Although equipment can vary by wash type, accidents can and, most likely, will happen at any carwash. Still, knowing the most common types of safety risks associated with car care operations can help owners and operators better safeguard their businesses.
Widespread workplace accidents at the carwash, according to those we interviewed for this article, include:
- The entrance/departure points of the conveyor/tunnel
- Slips, trips and falls
- Handling chemicals
- Moving/lifting equipment
- Not following equipment maintenance procedures
- Employee error and/or miscommunication.
Furthermore, accidents can occur within the tunnel, such as if an employee is hosing down the area when equipment is operating. “The hose can wrap around a piece of equipment, damaging a vehicle, the equipment or seriously [injuring] an employee,” says Barnett.
Moreover, pinch points — such as a door shutting on an employee’s fingers — can happen when handling equipment and vehicles, notes Houser, adding that strains and sprains are also common when moving/handling equipment and chemicals or as a result of slips, trips and falls.
Additionally, incidents involving ladders are also prevalent at car care businesses. “Ladder safety [has made] the Occupational Safety and Health Administration’s (OSHA) top 10 list for many years and can be something carwash owners don’t typically think about when assessing safety,” reports Houser. “Inspect your ladders. Does the ladder need to be replaced, or does it fit the need of the job? Train employees on how to properly use a ladder, the dangers of utilizing them around moving equipment and proper tool placement while on a ladder. Those below can be in danger from a falling screwdriver or wrench.”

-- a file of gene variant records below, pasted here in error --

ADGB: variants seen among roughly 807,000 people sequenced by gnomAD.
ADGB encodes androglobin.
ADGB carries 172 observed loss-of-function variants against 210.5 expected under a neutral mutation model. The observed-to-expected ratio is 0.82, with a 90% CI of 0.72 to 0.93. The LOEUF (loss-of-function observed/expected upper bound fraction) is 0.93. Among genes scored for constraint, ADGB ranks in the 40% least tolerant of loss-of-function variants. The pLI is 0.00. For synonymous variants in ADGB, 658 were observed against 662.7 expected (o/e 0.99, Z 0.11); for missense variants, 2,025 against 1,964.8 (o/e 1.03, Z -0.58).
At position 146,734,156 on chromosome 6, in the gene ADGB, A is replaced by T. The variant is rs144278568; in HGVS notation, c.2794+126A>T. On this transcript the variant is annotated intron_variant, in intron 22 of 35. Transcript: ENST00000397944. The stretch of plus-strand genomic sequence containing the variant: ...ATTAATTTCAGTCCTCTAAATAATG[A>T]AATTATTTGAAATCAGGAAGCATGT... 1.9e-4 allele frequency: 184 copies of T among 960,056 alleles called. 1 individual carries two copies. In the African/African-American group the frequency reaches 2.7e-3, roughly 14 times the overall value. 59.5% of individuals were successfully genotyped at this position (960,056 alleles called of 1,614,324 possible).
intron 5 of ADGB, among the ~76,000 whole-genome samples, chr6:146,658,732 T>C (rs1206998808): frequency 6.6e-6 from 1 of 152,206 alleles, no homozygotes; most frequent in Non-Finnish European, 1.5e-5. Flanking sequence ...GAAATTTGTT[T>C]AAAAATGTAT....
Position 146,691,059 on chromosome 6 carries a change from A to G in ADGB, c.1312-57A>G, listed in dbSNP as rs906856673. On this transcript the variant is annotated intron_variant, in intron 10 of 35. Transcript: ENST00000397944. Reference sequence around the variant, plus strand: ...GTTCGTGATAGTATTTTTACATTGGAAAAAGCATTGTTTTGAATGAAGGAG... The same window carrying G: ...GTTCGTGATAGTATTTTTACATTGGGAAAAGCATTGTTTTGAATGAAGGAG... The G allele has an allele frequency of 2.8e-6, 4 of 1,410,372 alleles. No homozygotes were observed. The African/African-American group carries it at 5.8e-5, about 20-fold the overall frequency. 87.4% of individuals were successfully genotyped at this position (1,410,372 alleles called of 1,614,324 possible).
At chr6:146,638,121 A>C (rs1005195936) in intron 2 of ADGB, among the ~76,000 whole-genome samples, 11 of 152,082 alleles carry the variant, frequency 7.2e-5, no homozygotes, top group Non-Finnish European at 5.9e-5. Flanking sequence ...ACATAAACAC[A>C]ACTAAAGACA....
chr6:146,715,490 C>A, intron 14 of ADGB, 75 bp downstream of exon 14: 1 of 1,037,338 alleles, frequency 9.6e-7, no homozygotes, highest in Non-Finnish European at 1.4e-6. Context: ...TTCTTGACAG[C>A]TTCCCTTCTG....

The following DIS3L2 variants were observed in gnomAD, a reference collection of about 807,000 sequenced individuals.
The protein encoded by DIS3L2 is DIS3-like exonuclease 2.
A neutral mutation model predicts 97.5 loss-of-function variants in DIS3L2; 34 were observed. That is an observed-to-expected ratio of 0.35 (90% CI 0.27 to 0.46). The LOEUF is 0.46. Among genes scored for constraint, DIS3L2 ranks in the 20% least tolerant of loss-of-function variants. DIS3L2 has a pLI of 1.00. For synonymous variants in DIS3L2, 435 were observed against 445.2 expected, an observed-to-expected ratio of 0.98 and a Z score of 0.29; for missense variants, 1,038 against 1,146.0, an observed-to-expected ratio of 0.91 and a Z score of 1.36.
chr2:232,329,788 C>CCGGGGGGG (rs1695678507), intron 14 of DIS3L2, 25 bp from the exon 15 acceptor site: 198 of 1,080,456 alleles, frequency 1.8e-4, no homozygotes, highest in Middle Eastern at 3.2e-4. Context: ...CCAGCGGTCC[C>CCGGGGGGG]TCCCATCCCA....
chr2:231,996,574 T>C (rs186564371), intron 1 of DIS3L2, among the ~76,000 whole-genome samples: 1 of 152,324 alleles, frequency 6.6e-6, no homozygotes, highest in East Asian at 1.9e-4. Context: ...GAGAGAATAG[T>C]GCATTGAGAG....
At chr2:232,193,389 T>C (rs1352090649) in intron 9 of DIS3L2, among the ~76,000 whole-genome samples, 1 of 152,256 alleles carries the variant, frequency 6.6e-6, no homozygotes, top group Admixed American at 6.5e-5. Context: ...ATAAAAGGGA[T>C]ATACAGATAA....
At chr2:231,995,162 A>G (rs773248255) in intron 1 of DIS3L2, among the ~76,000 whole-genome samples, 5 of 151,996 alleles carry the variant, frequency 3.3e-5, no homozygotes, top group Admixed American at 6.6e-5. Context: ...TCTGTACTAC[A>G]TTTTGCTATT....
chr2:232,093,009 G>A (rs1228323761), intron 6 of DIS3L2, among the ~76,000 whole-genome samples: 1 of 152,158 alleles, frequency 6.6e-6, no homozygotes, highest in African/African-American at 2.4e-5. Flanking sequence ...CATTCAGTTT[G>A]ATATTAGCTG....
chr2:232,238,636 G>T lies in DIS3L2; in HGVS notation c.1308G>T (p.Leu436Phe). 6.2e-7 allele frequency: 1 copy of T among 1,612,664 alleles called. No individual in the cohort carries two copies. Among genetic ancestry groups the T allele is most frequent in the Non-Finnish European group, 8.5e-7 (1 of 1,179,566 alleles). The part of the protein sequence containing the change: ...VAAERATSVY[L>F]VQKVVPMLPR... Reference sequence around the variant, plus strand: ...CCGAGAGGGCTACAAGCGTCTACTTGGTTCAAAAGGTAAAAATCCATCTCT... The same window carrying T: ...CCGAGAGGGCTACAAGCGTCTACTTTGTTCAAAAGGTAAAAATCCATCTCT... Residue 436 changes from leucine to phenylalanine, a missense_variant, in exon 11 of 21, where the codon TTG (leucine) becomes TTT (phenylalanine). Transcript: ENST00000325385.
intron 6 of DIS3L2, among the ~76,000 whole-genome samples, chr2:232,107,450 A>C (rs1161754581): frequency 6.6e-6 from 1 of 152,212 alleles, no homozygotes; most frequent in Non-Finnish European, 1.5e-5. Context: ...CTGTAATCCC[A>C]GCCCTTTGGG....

However, accidents at the carwash are not limited to the examples highlighted in this article. In fact, season changes can also cause safety risks to arise. Joe Rice, director of human relations, and Emily Holland, safety coordinator, of Indianapolis-based Crew Carwash, note that the most common accidents at their locations, which are slips, trips and falls, rise during the colder months of the year. “Many factors contribute to these incidents, such as slippery floors and ice during winter,” they explain. “All team members are required to wear slip-resistant footwear. We also coat the wash tunnel floor with a special, nonslip epoxy to further prevent a slip from occurring. During the winter, contractors remove snow, and spread ice melt on the lot. All new locations have floor heat under the concrete in areas of [high] customer and team member traffic.”
With an array of potential safety risks, it is imperative for everyone at the carwash to know how to prevent accidents from occurring. “Being aware of your surroundings, potential hazards and taking proper preventive steps is crucial to staying safe and avoiding injury,” assert Rice and Holland.
Stay tuned for the February issue to read part two of this article, which discusses how to create a safety program and the importance of training carwash employees. While you wait, check out the article, “OSHA gives employees the right to know,” for helpful chemical safety tips at the carwash. You can find this feature here.